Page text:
Reasons for working independently are often based on individual decisions to make a life-change, youthful engagement to work differently, social representations of added-value enterprise or innovation, and tangible action in social responsibility.

Be concerned: Laure

She turned 20 in 2010.

From an early age, she was much concerned about the environment: forest loss, melting polar ice caps, decline of animal and plant species, plastic waste everywhere etc. Beyond environment, she asked herself what to do in a seriously flawed social system that fosters hierarchy and inequality, neglects innovation and collective intelligence or just cannot listen to real people voices.

She had always loved fashion and consequently trained as a designer. She spent most of her internships in the fashion business. They « were fine », however she felt she « was a resource, used far below (her) potential, with long hours and small pay. » Going independent was an obvious way to work the way she wanted to, enabling her to reconcile her creative drive with her respect for the environment.

After she tried and tested several approaches, she found her way: to create remarkably wearable clothes out of fabric offcuts, with designs of her own, based on open-source models. « I took the opportunity to make mistakes and learn from them. It was hard, but I did it! »

Exploring interdisciplinarity: Emilie

In 2000, she celebrated her 20th birthday.

Her life motto could be « Science and research, what else? ». With extensive scientific backgrounds and prizes, she got her first job in a lab team where she explored many issues on bioactive textiles, a sector she had not initially thought of.

There, she discovered that client companies would not easily capitalize on results for further development. Somewhat disappointed, she decided to find a different place where she could carry out her research, test, improve, develop and sell. A high-tech fashion lab was the answer.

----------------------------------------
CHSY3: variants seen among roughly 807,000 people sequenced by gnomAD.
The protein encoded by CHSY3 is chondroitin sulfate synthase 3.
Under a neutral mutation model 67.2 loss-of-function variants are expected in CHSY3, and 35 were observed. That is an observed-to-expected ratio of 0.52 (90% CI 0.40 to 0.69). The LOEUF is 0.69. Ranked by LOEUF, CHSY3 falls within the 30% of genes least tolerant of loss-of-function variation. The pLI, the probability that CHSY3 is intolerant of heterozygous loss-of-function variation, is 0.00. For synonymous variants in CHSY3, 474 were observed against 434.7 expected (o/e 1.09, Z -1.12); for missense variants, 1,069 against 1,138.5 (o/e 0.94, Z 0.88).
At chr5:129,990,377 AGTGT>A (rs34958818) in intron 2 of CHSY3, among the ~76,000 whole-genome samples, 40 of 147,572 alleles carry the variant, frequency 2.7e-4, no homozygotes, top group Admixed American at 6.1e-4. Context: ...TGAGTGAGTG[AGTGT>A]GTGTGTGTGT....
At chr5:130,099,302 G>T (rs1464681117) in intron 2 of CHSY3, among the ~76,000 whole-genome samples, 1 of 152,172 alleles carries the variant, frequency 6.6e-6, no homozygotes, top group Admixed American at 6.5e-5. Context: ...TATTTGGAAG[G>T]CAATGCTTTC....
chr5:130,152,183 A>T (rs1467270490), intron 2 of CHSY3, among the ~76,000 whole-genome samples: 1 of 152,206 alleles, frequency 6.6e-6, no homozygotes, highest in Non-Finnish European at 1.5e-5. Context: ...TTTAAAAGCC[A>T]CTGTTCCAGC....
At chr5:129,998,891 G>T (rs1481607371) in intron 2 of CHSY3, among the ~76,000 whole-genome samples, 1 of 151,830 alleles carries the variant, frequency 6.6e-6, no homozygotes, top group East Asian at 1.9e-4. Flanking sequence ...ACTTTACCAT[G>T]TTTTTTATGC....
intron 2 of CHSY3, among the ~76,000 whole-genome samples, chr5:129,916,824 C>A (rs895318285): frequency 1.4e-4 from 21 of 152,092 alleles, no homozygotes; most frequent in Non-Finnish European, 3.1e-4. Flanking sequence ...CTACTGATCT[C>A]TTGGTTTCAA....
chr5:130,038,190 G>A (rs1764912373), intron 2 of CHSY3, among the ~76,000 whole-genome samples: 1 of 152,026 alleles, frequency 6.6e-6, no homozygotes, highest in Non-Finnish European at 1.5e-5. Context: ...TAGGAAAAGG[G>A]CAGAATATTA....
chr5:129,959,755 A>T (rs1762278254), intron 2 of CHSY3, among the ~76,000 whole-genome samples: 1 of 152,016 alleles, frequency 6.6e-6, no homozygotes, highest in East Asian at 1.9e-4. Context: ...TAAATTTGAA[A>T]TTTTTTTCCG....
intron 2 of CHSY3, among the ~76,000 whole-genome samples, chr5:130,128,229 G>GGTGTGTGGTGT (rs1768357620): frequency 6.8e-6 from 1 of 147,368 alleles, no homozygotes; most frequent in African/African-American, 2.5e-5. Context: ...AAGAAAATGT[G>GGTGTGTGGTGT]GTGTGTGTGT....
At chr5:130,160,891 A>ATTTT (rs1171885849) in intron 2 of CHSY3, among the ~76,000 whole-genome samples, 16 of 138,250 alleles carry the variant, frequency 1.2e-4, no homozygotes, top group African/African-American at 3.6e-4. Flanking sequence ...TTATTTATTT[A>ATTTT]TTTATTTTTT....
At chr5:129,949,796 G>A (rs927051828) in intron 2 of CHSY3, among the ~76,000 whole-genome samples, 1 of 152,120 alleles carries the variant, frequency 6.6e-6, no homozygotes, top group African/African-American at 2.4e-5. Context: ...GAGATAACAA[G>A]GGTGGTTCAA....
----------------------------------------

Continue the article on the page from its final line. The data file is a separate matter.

She is now an expert in monitoring and repairing body organs with interactive textile. « You don’t think of textile as the first solution, do you? Developments are long and costly, and you have to do with the health lobby. But very few people do the same, so, it’s just a dream job. »

Go with the Internet revolution: Nathalie

She was 18 in the mid 1990’s.

After a business degree, she started work in the trade sector. There, she discovered screens and PCs, Internet and e-mails. Retail became e-tail, and, for a large mail-order company, she developed web services to replace order, delivery and return processing or targeting and communication. She enjoyed every minute of that world-wide-web decade!

When she realized that the revolution was aimed at companies more than at end consumers, she went back to basics and it was clear that further revolution was impossible within a large company. So with her redundancy allowances, she created an independent company to help clients think the web differently.

She advises her client companies on how to communicate differently with the consumers and respect their own ways of information gathering e.g. through social networks. « I am proud to have launched some successful companies or product lines, only with web communication. In my age group, I met quite a number of entrepreneurs who tried and most were successful. It’s cool to tell tax people that you brought added value to your country, and make it richer ».

Fight back for quality: Catherine

She was 20 years old in the 1980’s.

Fashion was synonymous with appearance and glamour. All girls dreamt of beauty recipes. Dress like Cindy, do your make-up like Linda and hair like Iman… we will make you enter into the elite circle of the 3% most beautiful women.